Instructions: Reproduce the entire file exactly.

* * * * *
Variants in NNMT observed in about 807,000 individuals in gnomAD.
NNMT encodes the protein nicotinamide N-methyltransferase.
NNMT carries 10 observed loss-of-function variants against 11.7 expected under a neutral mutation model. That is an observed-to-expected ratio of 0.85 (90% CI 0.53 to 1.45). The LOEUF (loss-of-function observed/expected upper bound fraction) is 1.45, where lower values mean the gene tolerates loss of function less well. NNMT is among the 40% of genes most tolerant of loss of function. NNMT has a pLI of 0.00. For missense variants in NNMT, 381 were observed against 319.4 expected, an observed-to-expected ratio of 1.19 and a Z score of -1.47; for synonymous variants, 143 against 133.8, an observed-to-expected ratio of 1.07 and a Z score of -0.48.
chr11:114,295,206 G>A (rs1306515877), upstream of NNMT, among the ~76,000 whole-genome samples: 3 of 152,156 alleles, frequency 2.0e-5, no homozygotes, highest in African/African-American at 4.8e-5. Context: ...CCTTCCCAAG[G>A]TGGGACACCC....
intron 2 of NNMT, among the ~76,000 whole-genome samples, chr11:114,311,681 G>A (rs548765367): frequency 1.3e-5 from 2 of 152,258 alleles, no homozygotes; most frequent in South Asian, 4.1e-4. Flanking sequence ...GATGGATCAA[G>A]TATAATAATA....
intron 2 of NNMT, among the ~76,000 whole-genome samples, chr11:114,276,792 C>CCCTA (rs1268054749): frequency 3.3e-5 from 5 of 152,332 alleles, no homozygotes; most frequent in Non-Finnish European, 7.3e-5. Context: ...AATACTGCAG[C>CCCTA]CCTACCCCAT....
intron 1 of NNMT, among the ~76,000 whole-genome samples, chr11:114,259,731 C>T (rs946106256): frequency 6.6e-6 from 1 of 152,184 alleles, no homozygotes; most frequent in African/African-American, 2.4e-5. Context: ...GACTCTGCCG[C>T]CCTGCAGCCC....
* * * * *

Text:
Variants in NNMT observed in about 807,000 individuals in gnomAD.
NNMT encodes the protein nicotinamide N-methyltransferase.
NNMT carries 10 observed loss-of-function variants against 11.7 expected under a neutral mutation model. That is an observed-to-expected ratio of 0.85 (90% CI 0.53 to 1.45). The LOEUF (loss-of-function observed/expected upper bound fraction) is 1.45, where lower values mean the gene tolerates loss of function less well. NNMT is among the 40% of genes most tolerant of loss of function. NNMT has a pLI of 0.00. For missense variants in NNMT, 381 were observed against 319.4 expected, an observed-to-expected ratio of 1.19 and a Z score of -1.47; for synonymous variants, 143 against 133.8, an observed-to-expected ratio of 1.07 and a Z score of -0.48.
chr11:114,295,206 G>A (rs1306515877), upstream of NNMT, among the ~76,000 whole-genome samples: 3 of 152,156 alleles, frequency 2.0e-5, no homozygotes, highest in African/African-American at 4.8e-5. Context: ...CCTTCCCAAG[G>A]TGGGACACCC....
intron 2 of NNMT, among the ~76,000 whole-genome samples, chr11:114,311,681 G>A (rs548765367): frequency 1.3e-5 from 2 of 152,258 alleles, no homozygotes; most frequent in South Asian, 4.1e-4. Flanking sequence ...GATGGATCAA[G>A]TATAATAATA....
intron 2 of NNMT, among the ~76,000 whole-genome samples, chr11:114,276,792 C>CCCTA (rs1268054749): frequency 3.3e-5 from 5 of 152,332 alleles, no homozygotes; most frequent in Non-Finnish European, 7.3e-5. Context: ...AATACTGCAG[C>CCCTA]CCTACCCCAT....
intron 1 of NNMT, among the ~76,000 whole-genome samples, chr11:114,259,731 C>T (rs946106256): frequency 6.6e-6 from 1 of 152,184 alleles, no homozygotes; most frequent in African/African-American, 2.4e-5. Context: ...GACTCTGCCG[C>T]CCTGCAGCCC....